Great Photographers – Josef Sudek

Judy Hardiman Learning, Photography 5 Comments

As a self-taught photographer and painter, I spend a lot of time studying Art and Photography.  I enjoy learning and I am able to research these subjects at my own pace and focus on topics that truly interest me.  I am fortunate because these two creative activities, Painting and Photography, compliment each other very well.  The Principles of Design and the Elements of Art can easily be applied to both art forms.

While studying great photographers, I have come across a long list of interesting people.  Each photographer is a little different from the other but they all share the same passion – a love of photography.  As I study these photographers, I learn a lot about them, about photography and about myself.

As a guide, I have searched the internet and libraries for articles, videos, books and images relating to great photographers.  There is a huge selection of artists to choose from so I decided to use the history of photography as a place to start.  Each photographer on my list, according to art critics and gallery curators, has produced a large body of quality work during their career and stands out from all others.

With this in mind, allow me to introduce to you photographer, Josef Sudek (March 17, 1896 in Kolin, Bohemia – September 15, 1976 in Prague).  Sudek is best known for his photographs of Prague and he was also referred to as the “Poet of Prague”.  His hunched figure supporting a large wooden tripod was a very familiar sight in Prague.  There were two qualities that characterized his best work: The wide range of light values he used and the way he represented light.  What is so amazing about Sudek is he only had one arm and this did not prevent him from taking incredible photographs.  He never tired of his work and worked continuously until the age of 80.

Sudek became interested in photography while he was apprenticing as a bookbinder and he had become a keen amateur photographer before he was drafted into the First World War in 1915.  It was during this war that Sudek lost his arm at the shoulder; he was 21 years old.  Sudek described what happened, “I lost my arm during the eleventh offensive.  We were ordered forward and as we charged our own artillery started shelling us . . . I felt as if a rock hit me in the right shoulder.  I started looking around but all the guys who had been standing were now dead.”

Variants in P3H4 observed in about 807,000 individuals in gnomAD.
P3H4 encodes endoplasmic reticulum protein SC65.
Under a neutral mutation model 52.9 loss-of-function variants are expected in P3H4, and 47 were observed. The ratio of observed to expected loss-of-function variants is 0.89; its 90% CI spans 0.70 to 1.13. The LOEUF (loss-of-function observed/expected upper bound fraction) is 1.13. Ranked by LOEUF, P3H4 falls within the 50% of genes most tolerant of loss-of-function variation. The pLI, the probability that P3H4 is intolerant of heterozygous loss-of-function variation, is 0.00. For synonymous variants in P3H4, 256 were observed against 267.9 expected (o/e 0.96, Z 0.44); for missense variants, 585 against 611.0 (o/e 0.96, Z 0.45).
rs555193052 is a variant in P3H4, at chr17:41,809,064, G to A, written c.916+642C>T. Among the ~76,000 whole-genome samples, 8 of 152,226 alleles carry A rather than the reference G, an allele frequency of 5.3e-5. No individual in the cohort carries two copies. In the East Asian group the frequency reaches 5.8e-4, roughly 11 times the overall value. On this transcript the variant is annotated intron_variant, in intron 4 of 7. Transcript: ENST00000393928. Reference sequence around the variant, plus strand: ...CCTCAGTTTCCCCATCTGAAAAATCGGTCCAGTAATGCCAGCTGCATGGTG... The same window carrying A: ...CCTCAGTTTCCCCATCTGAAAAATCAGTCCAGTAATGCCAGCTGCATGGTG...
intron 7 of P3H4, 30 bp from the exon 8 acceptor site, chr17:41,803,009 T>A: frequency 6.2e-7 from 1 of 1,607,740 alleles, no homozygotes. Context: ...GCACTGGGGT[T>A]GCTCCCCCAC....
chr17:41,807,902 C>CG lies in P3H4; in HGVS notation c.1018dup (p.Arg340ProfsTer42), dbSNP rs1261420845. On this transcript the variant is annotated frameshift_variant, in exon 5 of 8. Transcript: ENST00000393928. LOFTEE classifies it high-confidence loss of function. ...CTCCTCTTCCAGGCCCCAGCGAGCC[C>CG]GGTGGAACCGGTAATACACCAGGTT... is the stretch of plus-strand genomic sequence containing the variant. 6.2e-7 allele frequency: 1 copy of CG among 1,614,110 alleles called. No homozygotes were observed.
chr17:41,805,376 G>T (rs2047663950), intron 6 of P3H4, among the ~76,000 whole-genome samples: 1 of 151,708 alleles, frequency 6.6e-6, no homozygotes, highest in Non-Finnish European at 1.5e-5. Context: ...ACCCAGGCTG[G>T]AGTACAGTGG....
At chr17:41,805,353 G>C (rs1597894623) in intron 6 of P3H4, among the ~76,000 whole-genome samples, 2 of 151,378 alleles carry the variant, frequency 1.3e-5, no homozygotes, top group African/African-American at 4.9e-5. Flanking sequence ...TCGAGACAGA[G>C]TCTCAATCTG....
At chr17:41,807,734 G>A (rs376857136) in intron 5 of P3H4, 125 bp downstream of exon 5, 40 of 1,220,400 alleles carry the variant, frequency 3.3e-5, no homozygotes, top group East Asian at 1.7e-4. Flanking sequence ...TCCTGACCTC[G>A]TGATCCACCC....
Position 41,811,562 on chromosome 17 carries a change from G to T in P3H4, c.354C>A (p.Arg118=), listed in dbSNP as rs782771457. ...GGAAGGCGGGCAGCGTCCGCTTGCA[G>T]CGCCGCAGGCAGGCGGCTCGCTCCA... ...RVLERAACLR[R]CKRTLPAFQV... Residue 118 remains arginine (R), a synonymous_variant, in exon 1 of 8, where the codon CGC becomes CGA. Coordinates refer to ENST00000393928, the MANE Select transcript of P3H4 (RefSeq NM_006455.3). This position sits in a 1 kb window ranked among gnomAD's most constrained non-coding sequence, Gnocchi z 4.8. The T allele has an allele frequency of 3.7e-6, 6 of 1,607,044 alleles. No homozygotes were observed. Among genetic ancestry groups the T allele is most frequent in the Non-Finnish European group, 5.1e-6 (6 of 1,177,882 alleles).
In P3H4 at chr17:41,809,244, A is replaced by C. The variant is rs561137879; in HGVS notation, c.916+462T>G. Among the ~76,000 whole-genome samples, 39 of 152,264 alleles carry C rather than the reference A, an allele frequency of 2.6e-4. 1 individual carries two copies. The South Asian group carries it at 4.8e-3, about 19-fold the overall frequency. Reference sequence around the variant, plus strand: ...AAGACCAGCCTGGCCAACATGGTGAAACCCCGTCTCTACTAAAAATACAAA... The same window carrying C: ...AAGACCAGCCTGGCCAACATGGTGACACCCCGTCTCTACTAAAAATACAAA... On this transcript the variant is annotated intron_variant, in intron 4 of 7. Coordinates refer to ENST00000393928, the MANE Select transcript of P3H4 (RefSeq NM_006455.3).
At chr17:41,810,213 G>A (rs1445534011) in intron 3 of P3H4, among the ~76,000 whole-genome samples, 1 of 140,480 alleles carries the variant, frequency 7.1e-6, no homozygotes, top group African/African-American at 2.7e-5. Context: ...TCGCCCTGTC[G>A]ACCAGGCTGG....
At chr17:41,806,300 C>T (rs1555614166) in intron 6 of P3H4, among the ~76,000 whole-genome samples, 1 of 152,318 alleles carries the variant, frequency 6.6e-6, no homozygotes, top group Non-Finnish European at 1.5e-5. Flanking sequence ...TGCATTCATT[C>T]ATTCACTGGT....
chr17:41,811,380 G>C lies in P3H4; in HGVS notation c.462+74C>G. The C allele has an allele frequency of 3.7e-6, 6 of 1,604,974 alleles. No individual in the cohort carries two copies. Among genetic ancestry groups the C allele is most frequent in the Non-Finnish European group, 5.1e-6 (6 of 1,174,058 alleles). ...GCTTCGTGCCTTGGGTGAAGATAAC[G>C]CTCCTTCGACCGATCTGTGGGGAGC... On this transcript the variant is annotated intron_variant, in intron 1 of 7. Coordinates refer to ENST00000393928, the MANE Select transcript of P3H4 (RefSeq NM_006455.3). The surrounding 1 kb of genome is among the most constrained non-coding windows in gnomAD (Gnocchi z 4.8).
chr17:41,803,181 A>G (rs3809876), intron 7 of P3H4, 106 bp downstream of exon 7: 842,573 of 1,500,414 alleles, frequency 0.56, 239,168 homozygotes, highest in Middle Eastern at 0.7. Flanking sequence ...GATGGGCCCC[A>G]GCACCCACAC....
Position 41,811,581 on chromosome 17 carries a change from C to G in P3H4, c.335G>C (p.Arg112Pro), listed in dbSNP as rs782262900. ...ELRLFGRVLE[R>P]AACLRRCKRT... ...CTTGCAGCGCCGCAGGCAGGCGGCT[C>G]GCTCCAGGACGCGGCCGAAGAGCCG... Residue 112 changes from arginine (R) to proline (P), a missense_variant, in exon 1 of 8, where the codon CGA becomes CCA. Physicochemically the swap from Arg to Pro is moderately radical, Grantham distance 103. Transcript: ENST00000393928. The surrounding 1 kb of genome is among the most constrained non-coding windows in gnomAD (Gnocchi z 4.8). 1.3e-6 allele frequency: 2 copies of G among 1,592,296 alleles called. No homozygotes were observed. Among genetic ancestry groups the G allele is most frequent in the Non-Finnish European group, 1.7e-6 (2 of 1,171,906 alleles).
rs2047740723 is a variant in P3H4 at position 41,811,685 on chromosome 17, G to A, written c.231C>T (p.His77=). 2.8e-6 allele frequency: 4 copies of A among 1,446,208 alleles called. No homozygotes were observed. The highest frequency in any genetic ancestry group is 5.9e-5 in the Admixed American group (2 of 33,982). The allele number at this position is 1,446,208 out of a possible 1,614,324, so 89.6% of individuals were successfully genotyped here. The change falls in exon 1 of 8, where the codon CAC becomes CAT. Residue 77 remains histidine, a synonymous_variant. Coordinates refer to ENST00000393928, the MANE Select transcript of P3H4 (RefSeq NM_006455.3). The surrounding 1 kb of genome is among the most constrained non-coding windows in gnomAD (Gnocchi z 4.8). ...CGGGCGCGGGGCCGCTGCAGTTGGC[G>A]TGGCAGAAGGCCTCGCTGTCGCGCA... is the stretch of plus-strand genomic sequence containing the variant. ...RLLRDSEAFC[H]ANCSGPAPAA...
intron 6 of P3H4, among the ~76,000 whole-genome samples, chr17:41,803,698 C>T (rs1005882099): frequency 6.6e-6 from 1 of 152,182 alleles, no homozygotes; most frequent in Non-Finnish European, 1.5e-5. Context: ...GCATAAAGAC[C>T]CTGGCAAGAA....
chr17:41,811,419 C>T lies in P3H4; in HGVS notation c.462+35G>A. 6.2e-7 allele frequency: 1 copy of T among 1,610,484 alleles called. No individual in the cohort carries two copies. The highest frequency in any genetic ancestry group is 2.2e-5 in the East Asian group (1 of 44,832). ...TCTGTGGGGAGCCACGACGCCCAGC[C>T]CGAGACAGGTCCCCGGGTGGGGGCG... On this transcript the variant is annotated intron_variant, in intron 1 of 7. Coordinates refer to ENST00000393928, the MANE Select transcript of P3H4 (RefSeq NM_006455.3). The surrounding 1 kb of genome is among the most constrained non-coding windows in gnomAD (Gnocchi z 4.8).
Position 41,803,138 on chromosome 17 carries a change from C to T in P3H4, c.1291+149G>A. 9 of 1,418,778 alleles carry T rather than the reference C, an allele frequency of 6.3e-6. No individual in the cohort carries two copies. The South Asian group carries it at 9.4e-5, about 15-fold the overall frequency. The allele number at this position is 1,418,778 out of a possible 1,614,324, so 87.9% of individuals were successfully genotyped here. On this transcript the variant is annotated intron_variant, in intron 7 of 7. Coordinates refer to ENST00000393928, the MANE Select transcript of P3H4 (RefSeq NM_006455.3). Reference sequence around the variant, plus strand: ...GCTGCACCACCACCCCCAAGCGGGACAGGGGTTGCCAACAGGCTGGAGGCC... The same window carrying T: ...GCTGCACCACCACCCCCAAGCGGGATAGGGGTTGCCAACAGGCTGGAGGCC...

Sudek’s right arm was maimed and he lost his hand.  Gangrene set in and eventually his entire arm had to be amputated at the shoulder.  He spent the next three years in a variety of hospitals and veteran’s homes recovering from the injury.  Sudek was left with a deep psychological scar that had a huge impact on him and his work.

Sudek passed time during his convalescence photographing fellow patients.  He also did this after he was released from hospital in 1920.  This project “The War Veteran’s Hospital and Home” (1922 – 1927) marked the start of his official entry into the field of photography.  No longer able to work in the bookbinding industry he had to find a different way to make money.  He did receive a disability pension but he needed to supplement his income so he took work on commission as a photographer.

The years between 1920 – 1926 were restless years for him.  In 1920, Sudek became a member of the Prague Society of Amateur Photographers where he met photographer Jaromír Funke (1896 – 1945) who became his good friend.  Funke and Sudek were both kicked out of the camera club for their “impatient opposition” to members of the club who wanted to stick with the painterly look.  Sudek and Funke wanted to move away from that style to a more modern view so in 1924 they started their own photographic society entitled the “Avant-Garde Czech Photographic Society”.  Here they worked with like-minded photographers and focused on the negative.

From 1922 – 1924, Sudek studied photography at the Prague Graphic Arts School.  His teachers, introduced him to the most influential American photographer of the 20th Century, Edward Weston, and his soft focus Pictorialism.  But it was the work of Clarence White who impressed him the most.  He liked the way Clarence used the light and shadow to evoke a three dimensional mood and Sudek soon rejected the “painterly” style.